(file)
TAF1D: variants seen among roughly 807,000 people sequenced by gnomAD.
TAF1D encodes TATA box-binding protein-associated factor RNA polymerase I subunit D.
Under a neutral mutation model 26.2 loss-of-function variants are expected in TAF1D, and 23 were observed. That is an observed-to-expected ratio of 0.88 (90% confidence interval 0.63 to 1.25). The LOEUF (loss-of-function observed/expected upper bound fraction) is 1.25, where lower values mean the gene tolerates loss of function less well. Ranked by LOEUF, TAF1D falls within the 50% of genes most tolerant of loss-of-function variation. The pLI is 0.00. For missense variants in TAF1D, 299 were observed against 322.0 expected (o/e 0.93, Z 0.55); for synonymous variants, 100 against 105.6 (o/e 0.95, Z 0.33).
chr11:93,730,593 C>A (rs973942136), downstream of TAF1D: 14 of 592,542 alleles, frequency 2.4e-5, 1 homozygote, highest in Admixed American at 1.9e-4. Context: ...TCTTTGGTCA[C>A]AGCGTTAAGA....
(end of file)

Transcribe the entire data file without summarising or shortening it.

TAF1D: variants seen among roughly 807,000 people sequenced by gnomAD.
TAF1D encodes TATA box-binding protein-associated factor RNA polymerase I subunit D.
Under a neutral mutation model 26.2 loss-of-function variants are expected in TAF1D, and 23 were observed. That is an observed-to-expected ratio of 0.88 (90% confidence interval 0.63 to 1.25). The LOEUF (loss-of-function observed/expected upper bound fraction) is 1.25, where lower values mean the gene tolerates loss of function less well. Ranked by LOEUF, TAF1D falls within the 50% of genes most tolerant of loss-of-function variation. The pLI is 0.00. For missense variants in TAF1D, 299 were observed against 322.0 expected (o/e 0.93, Z 0.55); for synonymous variants, 100 against 105.6 (o/e 0.95, Z 0.33).
chr11:93,730,593 C>A (rs973942136), downstream of TAF1D: 14 of 592,542 alleles, frequency 2.4e-5, 1 homozygote, highest in Admixed American at 1.9e-4. Context: ...TCTTTGGTCA[C>A]AGCGTTAAGA....